WASHINGTON (Reuters) - The U.S. economy grew faster than initially thought in the second quarter, notching its quickest pace in more than two years, and there are signs that the momentum was sustained at the start of the third quarter.
Gross domestic product increased at a 3.0 percent annual rate in the April-June period, the Commerce Department said in its second estimate on Wednesday. The upward revision from the 2.6 percent pace reported last month reflected robust consumer spending as well as strong business investment.
Growth last quarter was the best since the first quarter of 2015 and followed a 1.2 percent pace in the January-March period. Economists had expected that second-quarter GDP growth would be raised to a 2.7 percent rate.
Retail sales and business spending data so far suggest the economy maintained its stamina early in the third quarter. Economists saw a limited impact on growth from Hurricane Harvey, which devastated parts of Texas.
“The impact on the national economy will be minor,” said Gus Faucher, chief economist at PNC Financial Services in Pittsburgh. “While some output will be lost in the wake of the storm, most of the difference will be made up in the months ahead.”
Growth estimates for the third quarter are as high as a 3.4 percent rate. Other data on Wednesday showed private employers ramped up hiring in August, adding 237,000 jobs to their payrolls. That was up from 201,000 jobs in July.
The ADP National Employment Report was released ahead of the government’s more comprehensive employment report on Friday, which is expected to show solid job gains in August and diminishing labor market slack.
The dollar firmed against a basket of currencies, while prices for U.S. Treasuries fell. U.S. stocks rose.
Strong growth and a labor market that is near full employment support views the Federal Reserve will announce a plan to start unwinding its $4.2 trillion portfolio of Treasury bonds and mortgage-backed securities next month and increase interest rates in December.
With GDP quickening in the second quarter, the economy grew 2.1 percent in the first half of 2017. While that was up from the 1.9 percent reported last month, economists said it was unlikely growth this year would breach Republican President Donald Trump’s ambitious 3.0 percent target.
“Underlying domestic demand in the economy is consistent with near three percent growth but the supply-side of the economy is not capable of delivering such a pace of growth at this point,” said John Ryding, chief economist at RDQ Economics in New York.
The Trump administration is targeting tax cuts, deregulation and infrastructure spending to boost growth. However, it has so far failed to pass any economic legislation and is yet to articulate plans for tax reform and infrastructure.
Chances are slim that the Republican-controlled U.S. Congress will debate and pass tax reform legislation before the end of the year. Touting the second-quarter growth pace, Trump said on Wednesday he was ready to work with Congress on tax reform.
“This is our once-in-a-generation opportunity to deliver real tax reform for everyday hard-working Americans and I am fully committed to work with Congress to get this job done and I don’t want to be disappointed by Congress, do you understand?” Trump said at an event in Springfield, Missouri.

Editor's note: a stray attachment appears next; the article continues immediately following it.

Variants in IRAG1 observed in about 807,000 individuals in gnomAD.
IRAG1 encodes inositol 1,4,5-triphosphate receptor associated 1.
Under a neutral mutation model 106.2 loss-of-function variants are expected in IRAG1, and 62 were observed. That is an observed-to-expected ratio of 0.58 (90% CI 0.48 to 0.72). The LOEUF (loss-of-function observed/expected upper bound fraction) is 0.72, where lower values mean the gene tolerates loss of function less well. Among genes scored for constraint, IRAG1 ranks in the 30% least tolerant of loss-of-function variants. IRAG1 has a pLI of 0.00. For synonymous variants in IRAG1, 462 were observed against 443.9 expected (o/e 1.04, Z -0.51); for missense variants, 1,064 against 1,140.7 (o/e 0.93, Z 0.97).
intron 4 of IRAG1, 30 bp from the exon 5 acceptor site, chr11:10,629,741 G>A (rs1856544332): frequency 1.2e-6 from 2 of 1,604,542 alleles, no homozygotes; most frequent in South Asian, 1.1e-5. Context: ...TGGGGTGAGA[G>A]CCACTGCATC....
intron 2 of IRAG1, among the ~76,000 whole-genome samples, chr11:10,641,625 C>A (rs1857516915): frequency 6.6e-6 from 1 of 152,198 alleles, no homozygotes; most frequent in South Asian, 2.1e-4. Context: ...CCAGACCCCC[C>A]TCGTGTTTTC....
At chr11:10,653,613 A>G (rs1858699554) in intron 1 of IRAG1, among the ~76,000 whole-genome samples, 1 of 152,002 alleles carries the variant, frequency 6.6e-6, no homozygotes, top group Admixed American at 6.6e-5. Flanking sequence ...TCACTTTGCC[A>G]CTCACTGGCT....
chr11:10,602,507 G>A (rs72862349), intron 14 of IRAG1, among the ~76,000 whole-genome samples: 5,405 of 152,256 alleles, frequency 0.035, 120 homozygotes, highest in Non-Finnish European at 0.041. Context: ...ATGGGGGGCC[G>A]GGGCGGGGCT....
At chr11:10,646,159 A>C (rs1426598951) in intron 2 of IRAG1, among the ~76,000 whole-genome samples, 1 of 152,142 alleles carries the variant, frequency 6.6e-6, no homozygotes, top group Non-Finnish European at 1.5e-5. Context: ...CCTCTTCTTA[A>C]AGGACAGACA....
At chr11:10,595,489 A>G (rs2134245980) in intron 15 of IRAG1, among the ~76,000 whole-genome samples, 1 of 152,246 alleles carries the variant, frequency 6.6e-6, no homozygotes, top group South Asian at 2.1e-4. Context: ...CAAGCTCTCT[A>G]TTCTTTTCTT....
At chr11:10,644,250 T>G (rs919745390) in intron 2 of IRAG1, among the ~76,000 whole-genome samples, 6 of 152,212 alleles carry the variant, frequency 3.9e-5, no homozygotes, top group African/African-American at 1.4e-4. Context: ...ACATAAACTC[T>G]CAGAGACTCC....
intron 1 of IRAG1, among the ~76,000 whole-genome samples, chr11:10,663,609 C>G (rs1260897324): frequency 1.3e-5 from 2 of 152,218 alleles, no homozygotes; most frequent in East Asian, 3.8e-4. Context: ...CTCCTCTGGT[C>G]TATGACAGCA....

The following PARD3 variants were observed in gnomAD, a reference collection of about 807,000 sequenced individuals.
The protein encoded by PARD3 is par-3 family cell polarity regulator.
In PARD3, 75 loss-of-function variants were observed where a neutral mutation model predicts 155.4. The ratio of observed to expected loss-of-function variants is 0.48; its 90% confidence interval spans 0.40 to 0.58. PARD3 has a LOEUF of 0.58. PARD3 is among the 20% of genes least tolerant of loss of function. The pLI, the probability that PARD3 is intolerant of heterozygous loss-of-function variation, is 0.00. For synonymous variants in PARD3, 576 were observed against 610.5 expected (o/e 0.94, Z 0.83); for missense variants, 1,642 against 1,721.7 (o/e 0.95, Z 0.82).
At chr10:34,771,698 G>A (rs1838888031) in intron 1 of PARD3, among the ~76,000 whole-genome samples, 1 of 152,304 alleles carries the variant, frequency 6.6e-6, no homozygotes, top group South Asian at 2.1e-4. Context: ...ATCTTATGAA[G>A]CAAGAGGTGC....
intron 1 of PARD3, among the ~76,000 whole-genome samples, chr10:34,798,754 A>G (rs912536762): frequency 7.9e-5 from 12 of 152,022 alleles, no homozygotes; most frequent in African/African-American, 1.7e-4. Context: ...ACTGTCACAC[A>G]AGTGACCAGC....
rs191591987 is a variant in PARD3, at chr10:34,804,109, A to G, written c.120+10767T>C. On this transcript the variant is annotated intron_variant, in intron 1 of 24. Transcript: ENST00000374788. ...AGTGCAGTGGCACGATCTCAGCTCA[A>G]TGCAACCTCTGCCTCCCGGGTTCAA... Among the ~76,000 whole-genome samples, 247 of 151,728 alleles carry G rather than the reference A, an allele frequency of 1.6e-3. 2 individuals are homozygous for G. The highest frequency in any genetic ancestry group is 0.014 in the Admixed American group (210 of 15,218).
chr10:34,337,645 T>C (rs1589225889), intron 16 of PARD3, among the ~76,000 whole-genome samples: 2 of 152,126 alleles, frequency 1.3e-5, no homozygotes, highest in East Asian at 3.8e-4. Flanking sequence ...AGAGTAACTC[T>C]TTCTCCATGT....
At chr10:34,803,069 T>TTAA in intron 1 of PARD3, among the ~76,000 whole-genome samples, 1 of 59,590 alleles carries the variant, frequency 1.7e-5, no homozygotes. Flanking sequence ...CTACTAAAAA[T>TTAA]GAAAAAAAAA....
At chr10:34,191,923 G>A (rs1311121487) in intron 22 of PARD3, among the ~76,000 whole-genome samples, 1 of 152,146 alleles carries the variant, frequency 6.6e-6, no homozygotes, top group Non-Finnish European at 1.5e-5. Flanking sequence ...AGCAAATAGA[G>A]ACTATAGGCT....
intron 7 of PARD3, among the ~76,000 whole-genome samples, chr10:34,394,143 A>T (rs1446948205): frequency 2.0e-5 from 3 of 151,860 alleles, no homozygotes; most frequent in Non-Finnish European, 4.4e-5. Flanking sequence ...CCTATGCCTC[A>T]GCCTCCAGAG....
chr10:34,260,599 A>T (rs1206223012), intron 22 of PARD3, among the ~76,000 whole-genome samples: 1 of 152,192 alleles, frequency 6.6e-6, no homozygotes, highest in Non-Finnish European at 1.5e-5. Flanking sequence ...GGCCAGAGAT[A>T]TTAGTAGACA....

So far, the political gridlock in Washington has not hurt either business or consumer confidence.
Consumer spending, which makes up more than two-thirds of the U.S. economy, grew at a 3.3 percent rate, the fastest in a year, reflecting more spending on motor vehicles, cellphones, housing and utilities than previously estimated.
That was revised up from the 2.8 percent pace reported in July and accounted for the bulk of the pickup in economic growth in the second quarter.
But stronger consumer spending came at the expense of saving amid sluggish wage gains. The saving rate slipped to 3.7 percent from 3.9 percent in the first quarter. The second-quarter saving rate was previously reported at 3.8 percent.
Households cannot, however, continue to rely on savings indefinitely to fund their consumption. This raises doubts on the sustainability of the robust pace of consumer spending.
Despite the acceleration in consumer spending, inflation remained benign in the second quarter.
The Fed’s preferred inflation measure, the personal consumption expenditures (PCE) price index excluding food and energy, increased at a 0.9 percent rate as previously reported.
Last quarter’s rise was the slowest in more than two years and followed a 1.8 percent rate of increase in the first quarter.
Businesses helped to carry the economy in the second quarter, in part buoyed by a rebound in corporate profits. Spending on equipment jumped at a rate of 8.8 percent. That was the fastest in nearly two years and was an upward revision to the 8.2 percent pace reported last month.
Investment on nonresidential structures increased at a 6.2 percent pace, rather than the previously reported 4.9 percent rate. Inventory investment had a neutral effect on second-quarter GDP as previously reported after chopping off 1.46 percentage points from output in the first quarter. Trade added two-tenths of a percentage point to growth. Housing was a drag on growth in the last quarter, with investment on homebuilding recording its worst performance in nearly seven years.
Government spending contracted for a second straight quarter, weighed down by decreasing state and local government investment. Motor vehicle production rebounded after two straight quarters of declines.
Reporting by Lucia Mutikani; Editing by Andrea Ricci